Certainty Isn’t The Answer To Uncertainty

The world and life itself are always uncertain. There are periods where it all feels more uncertain than normal. Those periods leave people grasping for processes and interpretations. They get emotionally charged. They produce hard conversations. We, the professionals in whatever industry we occupy, add value when we step into the arena of uncertain times and bring a sense of calm, confidence, and humility.

We don’t have all of the answers – we can’t – but we can help people cope with the stress and get through to the other side. Within uncertainty is a tangled web of mixed emotions, regrets, and expectations. Understanding the sources of uncertainty within uncertainty itself are essential. Howard Marks shares this parable in The Most Important Thing,

I tell my father’s story of the gambler who lost regularly. One day he hears about a race with only one horse in it, so he bet the rent money. Halfway around the track, the horse jumped over the fence and ran away.

Hope and bad luck can sometimes go hand and hand. So can despair and good luck, despair and bad luck, and occasionally, hope and good luck (cue the singing angels). In all cases, the most irrational thought we can have is to think we have a sure thing. None of these relationships between hope/despair and good/bad luck is perfectly predictable. All we can have is a process. This is the messiness of the real world.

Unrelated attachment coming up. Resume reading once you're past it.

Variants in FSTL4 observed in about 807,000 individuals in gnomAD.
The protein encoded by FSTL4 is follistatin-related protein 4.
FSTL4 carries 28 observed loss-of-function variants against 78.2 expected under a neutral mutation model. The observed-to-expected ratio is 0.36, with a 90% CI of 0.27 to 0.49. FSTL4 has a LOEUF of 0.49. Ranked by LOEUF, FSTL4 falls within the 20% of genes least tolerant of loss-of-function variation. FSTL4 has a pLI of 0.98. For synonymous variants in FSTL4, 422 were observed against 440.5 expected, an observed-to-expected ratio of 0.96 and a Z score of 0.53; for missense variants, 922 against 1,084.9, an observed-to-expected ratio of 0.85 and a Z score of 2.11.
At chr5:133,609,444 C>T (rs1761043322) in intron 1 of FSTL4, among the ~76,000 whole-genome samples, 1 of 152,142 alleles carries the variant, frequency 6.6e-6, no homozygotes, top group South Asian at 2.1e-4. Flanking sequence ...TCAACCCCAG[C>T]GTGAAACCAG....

“Kills 99.99% of germs” still leaves 0.01% of germs alive. 90% fat-free is still 10% fat. When the loser gambler got offered the bet on the one-horse race, he felt hope and good luck. He had 0% odds of picking a loser horse! And yet, after the horse jumped the fence he certainly felt despair and bad luck. The problem is in his logic (or lack thereof). Believing in sure things is to think there is only one way to be right or wrong. This is where our process can help us and those we are trying to help out.

Annie Duke says in Thinking in Bets, “But it also means we must redefine ‘right.’ If we aren’t wrong just because things didn’t work out, then we aren’t right just because things turned out well. . . .” The loser gambler can’t figure this out. We can be right and still proven wrong, and wrong and still proven right. It’s as hard to step back and analyze our decision-making process as it is to untangle our complex emotions of how we feel about the results.

Most people just need to talk things out. They need to be reminded to zoom out and see the big picture. They need an explanation of when the decision-making process needs to be changed and when it needs to be the same because short and long term results may vary, and “past performance is not indicative of future results.” As hard as it may feel, all of the opportunity is in uncertainty, not in discovering mythical sure things and certainly not in falling for betting on one horse races.

Certainty isn’t the answer to uncertainty, being a present leader with a process and humble respect for the world is. Our jobs are to get people to the other side of one potential pitfall after another. There will be stumbles. Our job is to agree on a problem to solve and then make them comfortable with the uncertainty in getting there. Our job is to balance hope and despair in the face of good and bad luck. When we do it well, we all win. Its never easy, but it really is the most important thing.

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